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Geography of Demography: modelling plant population responses to global habitat patterns

Periodic Reporting for period 1 - GEODEM (Geography of Demography: modelling plant population responses to global habitat patterns)

Reporting period: 2015-06-01 to 2017-05-31

Predicting the locations where plant species occur, or could occur, is a critical challenge for ecologists in the coming decades. As the global climate alters, it changes where different plants can persist. As a result, it is imperative that we understand how plant populations respond to climatic constraints and use that information to predict how they are likely to respond to climatic changes in the future. Forecasts of plant redistributions on Earth due to climate change have been focused on estimating losses in the amount and quality of habitat conditions. However, an important consequence of environmental changes on living organisms has remained largely unexplored: the spatial reconfiguration of suitable habitats, such as the increasing loss of connection between habitat patches throughout species’ area of distribution.
Plants support the very survival of the human race. They provide us food, pastures for livestock, and places for recreation and wellbeing. They also directly and indirectly provide numerous invaluable ecosystem services such as water regulation, carbon sequestration and flood prevention. To safeguard these ecosystem services, we need to provide conservation managers robust ecological models able to identify species vulnerable or resistant to deteriorating habitat conditions or to major habitat reconfigurations.
During GEODEM I examined the geographic configuration of habitat patches suitable for hundreds of plant species. My aim was to develop predictive models of how these biogeographic patterns vary with species’ biological properties and geophysical constraints on the persistence and expansion of plant populations.
Together with my collaborators I quantified the arrangement of suitable habitats for hundreds of plant species and I examined whether these patterns are determined by species’ biological properties, large geographic barriers to seed dispersal or the range of elevations over which different plants can survive. I also examined how different plants respond to habitat conditions that span from less favourable to highly favourable. The research unveiled pathways of vulnerability and resistance by which tree and herb species respond to climatic constraints, advancing a new framework for investigating global responses of plants to climate. The first results have been published in the prestigious journal Ecology Letters and has received important media coverage. Throughout the course of the project, the research has been disseminated at about 20 different scientific forums, public outreach events, social media, international research news outlets etc., including the European Researcher's Night event in Ireland, “Discover Research Dublin”, and the large scientific conferences of the International Biogeography Society.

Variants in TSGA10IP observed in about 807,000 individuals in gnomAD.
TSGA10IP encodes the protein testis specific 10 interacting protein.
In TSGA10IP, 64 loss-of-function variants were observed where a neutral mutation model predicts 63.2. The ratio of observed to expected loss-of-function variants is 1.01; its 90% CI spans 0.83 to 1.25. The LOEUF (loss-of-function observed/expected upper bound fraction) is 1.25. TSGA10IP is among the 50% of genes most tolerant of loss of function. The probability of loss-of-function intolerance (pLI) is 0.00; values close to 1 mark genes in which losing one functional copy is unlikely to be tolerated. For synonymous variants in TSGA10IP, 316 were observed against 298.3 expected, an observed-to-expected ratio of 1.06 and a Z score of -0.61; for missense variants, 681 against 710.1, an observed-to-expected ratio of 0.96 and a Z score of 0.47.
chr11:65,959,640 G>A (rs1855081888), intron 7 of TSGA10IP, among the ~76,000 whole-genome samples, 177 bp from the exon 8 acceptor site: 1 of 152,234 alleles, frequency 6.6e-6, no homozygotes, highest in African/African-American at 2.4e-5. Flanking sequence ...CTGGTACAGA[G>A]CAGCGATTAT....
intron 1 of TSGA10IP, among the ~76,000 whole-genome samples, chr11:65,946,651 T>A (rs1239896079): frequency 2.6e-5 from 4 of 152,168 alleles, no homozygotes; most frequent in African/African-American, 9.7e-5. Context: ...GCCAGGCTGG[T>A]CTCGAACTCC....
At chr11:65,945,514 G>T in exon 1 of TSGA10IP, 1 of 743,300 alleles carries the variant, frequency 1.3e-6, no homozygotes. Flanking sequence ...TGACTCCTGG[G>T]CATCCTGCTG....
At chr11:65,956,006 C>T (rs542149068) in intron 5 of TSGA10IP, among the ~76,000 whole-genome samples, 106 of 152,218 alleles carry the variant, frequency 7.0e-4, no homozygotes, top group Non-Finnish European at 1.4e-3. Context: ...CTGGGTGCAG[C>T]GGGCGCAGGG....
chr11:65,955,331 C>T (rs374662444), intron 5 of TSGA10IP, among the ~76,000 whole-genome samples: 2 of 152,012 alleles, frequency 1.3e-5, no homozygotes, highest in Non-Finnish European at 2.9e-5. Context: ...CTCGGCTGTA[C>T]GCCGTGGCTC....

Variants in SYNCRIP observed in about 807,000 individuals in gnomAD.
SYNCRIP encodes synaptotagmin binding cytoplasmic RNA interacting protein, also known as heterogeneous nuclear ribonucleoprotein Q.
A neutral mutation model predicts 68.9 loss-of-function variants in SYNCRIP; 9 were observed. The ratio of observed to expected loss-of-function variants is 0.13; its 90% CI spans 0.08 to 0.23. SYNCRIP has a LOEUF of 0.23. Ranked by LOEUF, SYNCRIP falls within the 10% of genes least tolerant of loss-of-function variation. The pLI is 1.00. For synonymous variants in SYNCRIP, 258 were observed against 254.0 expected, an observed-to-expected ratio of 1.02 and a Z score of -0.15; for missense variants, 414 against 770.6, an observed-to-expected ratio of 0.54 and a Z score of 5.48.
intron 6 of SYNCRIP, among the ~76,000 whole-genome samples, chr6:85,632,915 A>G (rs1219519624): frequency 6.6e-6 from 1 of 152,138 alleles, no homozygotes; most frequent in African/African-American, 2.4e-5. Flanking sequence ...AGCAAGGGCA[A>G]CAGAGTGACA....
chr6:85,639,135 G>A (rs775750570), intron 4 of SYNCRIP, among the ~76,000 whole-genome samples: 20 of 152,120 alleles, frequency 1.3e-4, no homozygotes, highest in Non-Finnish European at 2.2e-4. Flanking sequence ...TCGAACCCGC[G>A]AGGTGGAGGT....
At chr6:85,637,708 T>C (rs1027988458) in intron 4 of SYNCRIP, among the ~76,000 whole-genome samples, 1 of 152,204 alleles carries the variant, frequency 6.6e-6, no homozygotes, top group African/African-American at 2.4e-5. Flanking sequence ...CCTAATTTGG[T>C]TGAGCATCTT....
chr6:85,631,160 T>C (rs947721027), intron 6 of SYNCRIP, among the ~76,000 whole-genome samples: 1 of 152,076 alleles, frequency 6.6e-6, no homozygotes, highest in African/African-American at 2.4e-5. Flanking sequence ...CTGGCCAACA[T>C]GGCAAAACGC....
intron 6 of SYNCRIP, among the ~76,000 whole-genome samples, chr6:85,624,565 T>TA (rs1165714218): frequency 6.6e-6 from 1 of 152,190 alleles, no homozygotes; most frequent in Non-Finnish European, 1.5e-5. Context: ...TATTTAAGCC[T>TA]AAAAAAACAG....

GEODEM has addressed fundamental theoretical concepts in ecology, advancing our understanding of how plants interact with their physical environment over large geographic extents and emerging important generalizations across multiple species globally. Incorporating the configuration of suitable habitats in analyses of the geographic distribution of plants can significantly improve our ability to anticipate how these organisms will respond to shifting climate conditions worldwide. These results demonstrate that analysing how different living organisms react to the quality and configuration of habitat patches over large geographic scales can reveal universal mechanisms that determine the distribution of species on Earth. Our models will have important conservation applications in the future, e.g. measures of connectivity of populations, creation of migration corridors, identification of areas of potential species extinction and expansion, nature reserve design, and will potentially open up avenues for developing new theory in Macroecology and Biogeography research in the future.
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